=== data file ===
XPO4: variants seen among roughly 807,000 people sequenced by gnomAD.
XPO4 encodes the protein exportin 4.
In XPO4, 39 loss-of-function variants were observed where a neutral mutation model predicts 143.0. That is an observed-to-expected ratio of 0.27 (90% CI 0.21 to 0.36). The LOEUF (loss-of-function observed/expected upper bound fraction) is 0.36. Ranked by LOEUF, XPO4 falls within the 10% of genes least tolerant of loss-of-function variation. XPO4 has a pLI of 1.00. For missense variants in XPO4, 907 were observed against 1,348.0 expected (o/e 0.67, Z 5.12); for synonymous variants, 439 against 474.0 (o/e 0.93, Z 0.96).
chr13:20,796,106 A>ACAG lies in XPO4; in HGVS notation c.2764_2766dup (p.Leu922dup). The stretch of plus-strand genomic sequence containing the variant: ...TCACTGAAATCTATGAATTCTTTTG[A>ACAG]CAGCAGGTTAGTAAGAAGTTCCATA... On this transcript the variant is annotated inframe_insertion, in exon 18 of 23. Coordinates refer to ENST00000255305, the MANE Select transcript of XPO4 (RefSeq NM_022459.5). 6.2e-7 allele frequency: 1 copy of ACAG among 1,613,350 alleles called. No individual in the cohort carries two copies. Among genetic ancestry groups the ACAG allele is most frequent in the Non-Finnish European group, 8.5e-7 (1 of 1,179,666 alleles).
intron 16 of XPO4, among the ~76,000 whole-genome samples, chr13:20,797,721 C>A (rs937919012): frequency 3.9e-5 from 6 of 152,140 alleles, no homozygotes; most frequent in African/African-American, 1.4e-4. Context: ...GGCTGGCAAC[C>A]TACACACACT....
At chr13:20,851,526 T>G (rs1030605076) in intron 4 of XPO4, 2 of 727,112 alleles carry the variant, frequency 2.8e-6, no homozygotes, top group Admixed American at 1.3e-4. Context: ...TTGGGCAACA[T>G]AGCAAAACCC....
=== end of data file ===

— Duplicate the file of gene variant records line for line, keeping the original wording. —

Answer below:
XPO4: variants seen among roughly 807,000 people sequenced by gnomAD.
XPO4 encodes the protein exportin 4.
In XPO4, 39 loss-of-function variants were observed where a neutral mutation model predicts 143.0. That is an observed-to-expected ratio of 0.27 (90% CI 0.21 to 0.36). The LOEUF (loss-of-function observed/expected upper bound fraction) is 0.36. Ranked by LOEUF, XPO4 falls within the 10% of genes least tolerant of loss-of-function variation. XPO4 has a pLI of 1.00. For missense variants in XPO4, 907 were observed against 1,348.0 expected (o/e 0.67, Z 5.12); for synonymous variants, 439 against 474.0 (o/e 0.93, Z 0.96).
chr13:20,796,106 A>ACAG lies in XPO4; in HGVS notation c.2764_2766dup (p.Leu922dup). The stretch of plus-strand genomic sequence containing the variant: ...TCACTGAAATCTATGAATTCTTTTG[A>ACAG]CAGCAGGTTAGTAAGAAGTTCCATA... On this transcript the variant is annotated inframe_insertion, in exon 18 of 23. Coordinates refer to ENST00000255305, the MANE Select transcript of XPO4 (RefSeq NM_022459.5). 6.2e-7 allele frequency: 1 copy of ACAG among 1,613,350 alleles called. No individual in the cohort carries two copies. Among genetic ancestry groups the ACAG allele is most frequent in the Non-Finnish European group, 8.5e-7 (1 of 1,179,666 alleles).
intron 16 of XPO4, among the ~76,000 whole-genome samples, chr13:20,797,721 C>A (rs937919012): frequency 3.9e-5 from 6 of 152,140 alleles, no homozygotes; most frequent in African/African-American, 1.4e-4. Context: ...GGCTGGCAAC[C>A]TACACACACT....
At chr13:20,851,526 T>G (rs1030605076) in intron 4 of XPO4, 2 of 727,112 alleles carry the variant, frequency 2.8e-6, no homozygotes, top group Admixed American at 1.3e-4. Context: ...TTGGGCAACA[T>G]AGCAAAACCC....